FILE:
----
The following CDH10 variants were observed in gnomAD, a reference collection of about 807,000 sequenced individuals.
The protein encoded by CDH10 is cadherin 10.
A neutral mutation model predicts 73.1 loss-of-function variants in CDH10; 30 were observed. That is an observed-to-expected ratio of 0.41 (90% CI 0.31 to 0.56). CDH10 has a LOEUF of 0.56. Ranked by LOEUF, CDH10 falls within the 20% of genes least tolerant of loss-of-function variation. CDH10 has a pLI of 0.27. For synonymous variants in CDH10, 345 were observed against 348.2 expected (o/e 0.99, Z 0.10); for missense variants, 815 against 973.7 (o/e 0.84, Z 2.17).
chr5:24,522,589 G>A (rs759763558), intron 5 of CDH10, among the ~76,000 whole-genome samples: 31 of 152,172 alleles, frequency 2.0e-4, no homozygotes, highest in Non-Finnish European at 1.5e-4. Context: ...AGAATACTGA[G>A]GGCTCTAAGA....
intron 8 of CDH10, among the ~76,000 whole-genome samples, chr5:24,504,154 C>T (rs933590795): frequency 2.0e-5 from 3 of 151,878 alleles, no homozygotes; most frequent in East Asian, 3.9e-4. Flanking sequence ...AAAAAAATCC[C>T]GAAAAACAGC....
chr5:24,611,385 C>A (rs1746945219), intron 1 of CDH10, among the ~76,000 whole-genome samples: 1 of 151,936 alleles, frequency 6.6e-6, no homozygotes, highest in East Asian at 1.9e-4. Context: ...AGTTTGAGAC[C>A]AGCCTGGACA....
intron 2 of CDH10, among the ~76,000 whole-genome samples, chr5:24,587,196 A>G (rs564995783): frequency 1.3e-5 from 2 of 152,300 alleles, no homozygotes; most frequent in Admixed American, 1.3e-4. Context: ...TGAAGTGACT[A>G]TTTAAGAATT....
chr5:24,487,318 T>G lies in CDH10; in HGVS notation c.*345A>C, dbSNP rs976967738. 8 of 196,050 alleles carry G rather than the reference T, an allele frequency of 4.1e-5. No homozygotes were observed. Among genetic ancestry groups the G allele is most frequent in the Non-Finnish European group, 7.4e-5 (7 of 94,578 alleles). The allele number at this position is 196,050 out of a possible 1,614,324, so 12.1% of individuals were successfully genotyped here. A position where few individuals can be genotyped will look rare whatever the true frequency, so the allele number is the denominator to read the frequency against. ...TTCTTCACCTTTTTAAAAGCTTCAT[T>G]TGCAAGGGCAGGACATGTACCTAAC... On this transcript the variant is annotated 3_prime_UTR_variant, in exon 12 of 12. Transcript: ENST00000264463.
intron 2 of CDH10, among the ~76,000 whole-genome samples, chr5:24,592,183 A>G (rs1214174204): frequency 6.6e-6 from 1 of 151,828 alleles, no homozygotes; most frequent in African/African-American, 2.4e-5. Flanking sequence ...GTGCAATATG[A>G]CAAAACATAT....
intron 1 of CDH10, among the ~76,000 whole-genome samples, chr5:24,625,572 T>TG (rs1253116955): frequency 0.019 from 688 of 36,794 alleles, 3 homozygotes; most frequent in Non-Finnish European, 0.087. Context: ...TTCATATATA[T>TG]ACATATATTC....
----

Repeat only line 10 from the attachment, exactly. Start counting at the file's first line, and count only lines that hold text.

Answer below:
intron 1 of CDH10, among the ~76,000 whole-genome samples, chr5:24,625,572 T>TG (rs1253116955): frequency 0.019 from 688 of 36,794 alleles, 3 homozygotes; most frequent in Non-Finnish European, 0.087. Context: ...TTCATATATA[T>TG]ACATATATTC....